"I don't know if I've thought about that,'' he said. "Pitching is what I always looked at going into a series, regular season, or when we had a chance to play in October.

"Toronto had good starters, Jimmy Key, Todd Stottlemyre, Tom Candiotti, but the one that really concerned me was Juan Guzman, the rookie righthander. He had a ball that went like this …''

Kelly made a gesture with his right hand swerving hard to the left and said: "I kept thinking, 'How are we going to hit that?' I thought we got a little break when they went with Candiotti in Game 1 and not Guzman. No disrespect to Candiotti; he was an outstanding pitcher and competitor. But I felt like we had a better chance with the knuckleball than this thing.''

Kelly's right hand swerved again, then he went back to the Toronto-was-toughest theory again and said: "That Blue Jays lineup … they had some people. That Game 3 we won up there, when Scott Erickson gave us his best four innings with an elbow that wasn't that good that night, and then we went to David West, and he got us eight outs.

"I think what happened is Joe Carter came around and hit a ball in those seats you couldn't even see, way up there, but it went foul. The rest of the Blue Jays saw that and started swinging out of their shoes at David's fastball, wanting to reach those seats with a fair ball.''

Kelly turns 71 on Sunday. He gave up managing the Twins 20 years ago. The intrigue during a conversation with him is always what has stuck in his mind.

Asked about when he first saw Kirby Puckett as a player, Kelly went back to managing the Twins' team in the Florida Instructional League in Clearwater and St. Petersburg in the early '80s — steaming fall heat and long days starting with Kelly and co-coach Rick Stelmaszek dragging the dew off the grass right after dawn.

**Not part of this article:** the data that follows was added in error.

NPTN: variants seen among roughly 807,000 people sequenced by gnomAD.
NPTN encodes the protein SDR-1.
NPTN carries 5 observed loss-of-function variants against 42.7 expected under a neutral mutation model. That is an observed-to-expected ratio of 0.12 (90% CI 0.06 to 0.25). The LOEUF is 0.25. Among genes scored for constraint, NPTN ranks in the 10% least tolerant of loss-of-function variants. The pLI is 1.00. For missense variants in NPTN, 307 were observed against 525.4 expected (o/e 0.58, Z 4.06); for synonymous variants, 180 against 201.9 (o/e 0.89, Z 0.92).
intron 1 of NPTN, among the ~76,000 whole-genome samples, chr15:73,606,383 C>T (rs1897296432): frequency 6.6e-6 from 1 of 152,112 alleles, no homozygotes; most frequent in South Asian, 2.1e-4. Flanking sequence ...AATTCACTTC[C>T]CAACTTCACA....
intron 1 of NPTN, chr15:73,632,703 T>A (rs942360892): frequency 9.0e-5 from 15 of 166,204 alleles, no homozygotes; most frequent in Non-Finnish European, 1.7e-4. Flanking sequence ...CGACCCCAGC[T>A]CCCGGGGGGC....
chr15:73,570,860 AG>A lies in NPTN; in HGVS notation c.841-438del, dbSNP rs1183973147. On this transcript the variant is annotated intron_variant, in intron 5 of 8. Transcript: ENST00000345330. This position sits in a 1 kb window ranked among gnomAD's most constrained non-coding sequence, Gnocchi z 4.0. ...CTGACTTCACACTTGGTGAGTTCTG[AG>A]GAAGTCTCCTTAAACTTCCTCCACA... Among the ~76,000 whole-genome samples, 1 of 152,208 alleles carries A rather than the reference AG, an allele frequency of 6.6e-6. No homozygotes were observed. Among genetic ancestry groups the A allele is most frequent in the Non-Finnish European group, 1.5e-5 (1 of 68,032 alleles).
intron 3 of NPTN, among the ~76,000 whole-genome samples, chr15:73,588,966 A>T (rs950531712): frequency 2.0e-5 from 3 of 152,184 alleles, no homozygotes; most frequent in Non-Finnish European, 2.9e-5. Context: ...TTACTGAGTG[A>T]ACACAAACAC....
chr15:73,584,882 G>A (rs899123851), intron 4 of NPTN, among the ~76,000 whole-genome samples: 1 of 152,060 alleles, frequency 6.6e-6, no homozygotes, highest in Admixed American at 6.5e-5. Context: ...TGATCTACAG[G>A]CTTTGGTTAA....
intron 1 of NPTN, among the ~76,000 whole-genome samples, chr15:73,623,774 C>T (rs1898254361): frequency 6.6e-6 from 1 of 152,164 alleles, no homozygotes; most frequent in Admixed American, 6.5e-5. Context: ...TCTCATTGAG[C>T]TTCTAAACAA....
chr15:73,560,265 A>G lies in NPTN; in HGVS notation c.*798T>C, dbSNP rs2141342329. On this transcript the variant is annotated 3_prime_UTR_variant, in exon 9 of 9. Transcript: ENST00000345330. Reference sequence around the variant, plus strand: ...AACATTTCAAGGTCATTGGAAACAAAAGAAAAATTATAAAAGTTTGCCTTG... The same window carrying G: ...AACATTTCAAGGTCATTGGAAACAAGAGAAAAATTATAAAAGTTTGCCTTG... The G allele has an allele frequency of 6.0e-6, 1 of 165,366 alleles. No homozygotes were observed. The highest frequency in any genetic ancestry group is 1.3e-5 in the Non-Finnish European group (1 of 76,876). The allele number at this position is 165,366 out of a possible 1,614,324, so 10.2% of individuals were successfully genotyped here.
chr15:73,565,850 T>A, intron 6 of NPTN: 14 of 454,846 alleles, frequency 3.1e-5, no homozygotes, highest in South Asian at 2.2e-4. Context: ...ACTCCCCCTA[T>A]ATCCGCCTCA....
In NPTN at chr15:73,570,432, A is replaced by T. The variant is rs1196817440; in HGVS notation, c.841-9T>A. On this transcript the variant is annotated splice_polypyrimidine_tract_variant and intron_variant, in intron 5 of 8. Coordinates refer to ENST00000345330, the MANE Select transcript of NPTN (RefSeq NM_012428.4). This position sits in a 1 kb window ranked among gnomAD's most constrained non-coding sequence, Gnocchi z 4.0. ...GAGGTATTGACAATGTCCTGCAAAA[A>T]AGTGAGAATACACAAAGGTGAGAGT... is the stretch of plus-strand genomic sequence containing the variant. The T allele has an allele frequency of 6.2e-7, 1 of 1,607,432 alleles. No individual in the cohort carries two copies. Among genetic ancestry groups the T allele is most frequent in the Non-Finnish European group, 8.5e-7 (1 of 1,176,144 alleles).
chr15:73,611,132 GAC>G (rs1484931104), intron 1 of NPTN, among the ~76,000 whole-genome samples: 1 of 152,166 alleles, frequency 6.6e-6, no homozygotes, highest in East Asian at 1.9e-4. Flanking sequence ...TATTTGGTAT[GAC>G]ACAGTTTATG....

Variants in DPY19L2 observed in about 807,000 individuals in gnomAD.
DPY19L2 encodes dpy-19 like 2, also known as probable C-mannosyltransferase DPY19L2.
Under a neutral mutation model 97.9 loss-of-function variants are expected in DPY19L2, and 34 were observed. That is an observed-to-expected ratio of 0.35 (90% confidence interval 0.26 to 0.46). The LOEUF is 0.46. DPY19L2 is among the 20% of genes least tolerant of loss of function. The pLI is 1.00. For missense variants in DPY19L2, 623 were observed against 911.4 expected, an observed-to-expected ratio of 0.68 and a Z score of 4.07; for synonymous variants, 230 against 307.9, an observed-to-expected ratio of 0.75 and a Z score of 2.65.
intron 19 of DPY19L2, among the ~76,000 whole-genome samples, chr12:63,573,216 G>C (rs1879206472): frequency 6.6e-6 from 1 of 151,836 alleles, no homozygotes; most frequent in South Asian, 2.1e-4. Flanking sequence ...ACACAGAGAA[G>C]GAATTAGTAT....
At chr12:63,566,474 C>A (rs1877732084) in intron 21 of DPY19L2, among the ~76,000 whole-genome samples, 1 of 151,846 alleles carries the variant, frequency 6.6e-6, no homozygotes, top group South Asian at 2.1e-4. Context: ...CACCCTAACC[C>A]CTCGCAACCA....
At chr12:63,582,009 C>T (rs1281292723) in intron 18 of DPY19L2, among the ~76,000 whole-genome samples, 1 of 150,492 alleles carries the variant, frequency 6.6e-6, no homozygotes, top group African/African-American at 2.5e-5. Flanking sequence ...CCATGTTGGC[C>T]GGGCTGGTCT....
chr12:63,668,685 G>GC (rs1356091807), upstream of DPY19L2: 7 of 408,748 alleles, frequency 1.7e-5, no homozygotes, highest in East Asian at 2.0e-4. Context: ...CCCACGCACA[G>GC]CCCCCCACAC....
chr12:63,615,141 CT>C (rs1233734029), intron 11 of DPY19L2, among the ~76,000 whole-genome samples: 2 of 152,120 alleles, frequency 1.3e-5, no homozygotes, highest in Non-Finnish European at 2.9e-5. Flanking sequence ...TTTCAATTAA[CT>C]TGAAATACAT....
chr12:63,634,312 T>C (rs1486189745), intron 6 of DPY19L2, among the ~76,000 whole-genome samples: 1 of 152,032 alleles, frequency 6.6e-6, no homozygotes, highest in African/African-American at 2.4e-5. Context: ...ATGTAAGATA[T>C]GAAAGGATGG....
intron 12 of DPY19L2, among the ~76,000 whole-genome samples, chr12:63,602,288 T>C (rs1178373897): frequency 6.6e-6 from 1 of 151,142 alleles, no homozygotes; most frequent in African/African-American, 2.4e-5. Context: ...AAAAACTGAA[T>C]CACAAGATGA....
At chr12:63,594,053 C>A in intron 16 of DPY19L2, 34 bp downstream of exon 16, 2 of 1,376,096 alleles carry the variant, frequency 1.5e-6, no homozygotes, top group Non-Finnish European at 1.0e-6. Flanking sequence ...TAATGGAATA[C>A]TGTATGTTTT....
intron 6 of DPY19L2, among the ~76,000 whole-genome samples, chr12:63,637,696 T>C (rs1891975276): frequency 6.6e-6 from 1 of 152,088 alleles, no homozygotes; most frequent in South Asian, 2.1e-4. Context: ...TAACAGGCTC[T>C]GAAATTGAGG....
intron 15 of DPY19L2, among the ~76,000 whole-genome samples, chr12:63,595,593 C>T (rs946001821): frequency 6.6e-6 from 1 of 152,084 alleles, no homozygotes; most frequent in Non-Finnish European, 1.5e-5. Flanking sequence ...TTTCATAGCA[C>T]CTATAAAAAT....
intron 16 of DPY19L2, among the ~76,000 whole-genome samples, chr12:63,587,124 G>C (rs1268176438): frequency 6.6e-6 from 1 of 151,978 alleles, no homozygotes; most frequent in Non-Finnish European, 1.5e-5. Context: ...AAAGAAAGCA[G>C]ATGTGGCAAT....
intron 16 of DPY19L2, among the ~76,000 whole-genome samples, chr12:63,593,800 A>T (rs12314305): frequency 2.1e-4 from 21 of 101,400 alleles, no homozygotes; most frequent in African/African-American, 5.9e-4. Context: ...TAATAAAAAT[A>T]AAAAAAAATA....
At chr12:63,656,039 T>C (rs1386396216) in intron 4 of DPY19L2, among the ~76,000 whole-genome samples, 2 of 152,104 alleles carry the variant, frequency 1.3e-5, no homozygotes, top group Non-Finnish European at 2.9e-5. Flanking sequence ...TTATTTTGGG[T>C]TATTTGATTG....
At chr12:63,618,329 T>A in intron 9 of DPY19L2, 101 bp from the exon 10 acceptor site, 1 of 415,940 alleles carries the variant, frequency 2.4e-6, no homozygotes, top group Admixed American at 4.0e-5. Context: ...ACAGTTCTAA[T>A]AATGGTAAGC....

"Kirby didn't pull the ball at all then,'' Kelly said. "He hit everything to right field, and ran like the wind. We would work on bunting a half-hour every morning. I'd say, 'First pitch bunt … perfect, or foul. If it's perfect, you got a hit. If it's foul, you have two swings left.'

"We started off playing him in left field, which was wrong. And Kirby was quiet … didn't say a word. Oh, boy, did that change. But this is what I remember most:

"There was a big lefthanded pitcher, country guy I think, and he and a couple others would be on Kirby every morning — to the point it was almost bullying. I could've said something, but I waited, wondering what Kirby was going to do.

"One morning, he stood up, stared at them angrily and said: 'No more.' I still remember that: 'No more.' And that pitcher and his pals never said another word to agitate Kirby.''

Puckett has been gone since March 2006, a massive stroke eight days before his 46th birthday, also in the Phoenix area. Stelmaszek, the other half of the Kelly-Stelly combo, died in November 2017 from pancreatic cancer at age 69. And now Tom Jr., 42, cause unknown, a pain that still can strike his father at a moment's notice.

Friday, there was the goodbye for Tom Jr. and the start of the reunion for the second of those two World Series winners in five seasons — championship teams that might have taken root on the hot fall day four decades ago when Kirby Puckett, Hall of Famer-to-be, reached his limit.

"No more'' to "See you tomorrow night.''

That journey was covered, and much that followed, during a 100-minute conversation with Kelly on Wednesday morning. As I was leaving, the phone rang.

Sharon answered and said: "Tom, Tony La Russa's on the phone.''